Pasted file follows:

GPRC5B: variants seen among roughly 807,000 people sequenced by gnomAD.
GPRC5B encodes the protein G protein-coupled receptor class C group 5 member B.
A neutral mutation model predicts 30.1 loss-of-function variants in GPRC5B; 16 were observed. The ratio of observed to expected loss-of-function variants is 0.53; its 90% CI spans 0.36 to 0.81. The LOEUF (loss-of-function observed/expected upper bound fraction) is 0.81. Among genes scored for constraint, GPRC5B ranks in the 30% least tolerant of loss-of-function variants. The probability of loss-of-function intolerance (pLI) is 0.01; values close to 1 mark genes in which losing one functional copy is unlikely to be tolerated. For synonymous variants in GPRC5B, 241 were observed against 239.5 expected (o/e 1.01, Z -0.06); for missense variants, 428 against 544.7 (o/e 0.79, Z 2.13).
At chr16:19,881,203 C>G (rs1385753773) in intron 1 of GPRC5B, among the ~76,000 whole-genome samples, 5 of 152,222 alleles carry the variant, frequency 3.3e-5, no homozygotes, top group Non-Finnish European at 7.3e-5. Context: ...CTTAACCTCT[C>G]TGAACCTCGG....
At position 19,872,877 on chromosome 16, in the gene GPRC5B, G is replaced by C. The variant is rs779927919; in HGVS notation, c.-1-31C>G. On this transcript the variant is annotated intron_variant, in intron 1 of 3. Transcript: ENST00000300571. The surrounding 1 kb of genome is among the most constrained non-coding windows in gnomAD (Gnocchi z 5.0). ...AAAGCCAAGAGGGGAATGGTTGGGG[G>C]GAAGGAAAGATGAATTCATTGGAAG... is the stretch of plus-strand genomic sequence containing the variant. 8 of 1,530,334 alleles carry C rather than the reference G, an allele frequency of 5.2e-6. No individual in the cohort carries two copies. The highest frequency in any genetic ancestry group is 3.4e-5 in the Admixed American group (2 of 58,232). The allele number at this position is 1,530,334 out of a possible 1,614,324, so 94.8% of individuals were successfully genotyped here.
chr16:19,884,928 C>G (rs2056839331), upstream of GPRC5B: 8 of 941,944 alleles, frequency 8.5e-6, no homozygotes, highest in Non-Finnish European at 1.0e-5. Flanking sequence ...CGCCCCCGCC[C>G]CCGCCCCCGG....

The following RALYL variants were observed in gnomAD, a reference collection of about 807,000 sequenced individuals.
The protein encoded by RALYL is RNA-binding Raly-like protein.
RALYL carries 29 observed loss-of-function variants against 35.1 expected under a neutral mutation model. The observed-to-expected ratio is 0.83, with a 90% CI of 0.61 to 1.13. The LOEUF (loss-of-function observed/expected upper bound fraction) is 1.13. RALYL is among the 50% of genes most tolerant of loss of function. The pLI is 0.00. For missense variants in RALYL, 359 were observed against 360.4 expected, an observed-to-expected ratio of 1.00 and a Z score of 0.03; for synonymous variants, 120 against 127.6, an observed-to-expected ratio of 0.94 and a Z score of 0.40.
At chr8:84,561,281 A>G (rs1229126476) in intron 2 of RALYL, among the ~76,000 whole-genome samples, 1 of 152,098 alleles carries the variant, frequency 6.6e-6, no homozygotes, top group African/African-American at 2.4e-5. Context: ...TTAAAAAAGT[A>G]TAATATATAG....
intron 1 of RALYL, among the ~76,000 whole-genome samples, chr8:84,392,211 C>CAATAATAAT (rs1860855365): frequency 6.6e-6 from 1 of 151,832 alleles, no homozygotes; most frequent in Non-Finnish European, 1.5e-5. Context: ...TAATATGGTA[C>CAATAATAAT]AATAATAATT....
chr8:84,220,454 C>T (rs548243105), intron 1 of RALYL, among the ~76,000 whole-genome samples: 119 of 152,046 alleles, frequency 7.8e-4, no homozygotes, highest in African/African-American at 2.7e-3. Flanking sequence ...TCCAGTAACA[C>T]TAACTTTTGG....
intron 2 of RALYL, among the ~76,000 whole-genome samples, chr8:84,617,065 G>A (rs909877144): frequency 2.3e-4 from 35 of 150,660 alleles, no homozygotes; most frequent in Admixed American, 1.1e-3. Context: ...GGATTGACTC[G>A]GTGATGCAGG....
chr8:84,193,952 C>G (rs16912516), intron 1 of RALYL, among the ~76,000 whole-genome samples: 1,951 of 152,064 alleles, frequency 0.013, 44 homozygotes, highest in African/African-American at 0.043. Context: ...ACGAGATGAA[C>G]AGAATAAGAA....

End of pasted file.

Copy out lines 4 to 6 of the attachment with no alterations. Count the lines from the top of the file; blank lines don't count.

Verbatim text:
At chr16:19,881,203 C>G (rs1385753773) in intron 1 of GPRC5B, among the ~76,000 whole-genome samples, 5 of 152,222 alleles carry the variant, frequency 3.3e-5, no homozygotes, top group Non-Finnish European at 7.3e-5. Context: ...CTTAACCTCT[C>G]TGAACCTCGG....
At position 19,872,877 on chromosome 16, in the gene GPRC5B, G is replaced by C. The variant is rs779927919; in HGVS notation, c.-1-31C>G. On this transcript the variant is annotated intron_variant, in intron 1 of 3. Transcript: ENST00000300571. The surrounding 1 kb of genome is among the most constrained non-coding windows in gnomAD (Gnocchi z 5.0). ...AAAGCCAAGAGGGGAATGGTTGGGG[G>C]GAAGGAAAGATGAATTCATTGGAAG... is the stretch of plus-strand genomic sequence containing the variant. 8 of 1,530,334 alleles carry C rather than the reference G, an allele frequency of 5.2e-6. No individual in the cohort carries two copies. The highest frequency in any genetic ancestry group is 3.4e-5 in the Admixed American group (2 of 58,232). The allele number at this position is 1,530,334 out of a possible 1,614,324, so 94.8% of individuals were successfully genotyped here.
chr16:19,884,928 C>G (rs2056839331), upstream of GPRC5B: 8 of 941,944 alleles, frequency 8.5e-6, no homozygotes, highest in Non-Finnish European at 1.0e-5. Flanking sequence ...CGCCCCCGCC[C>G]CCGCCCCCGG....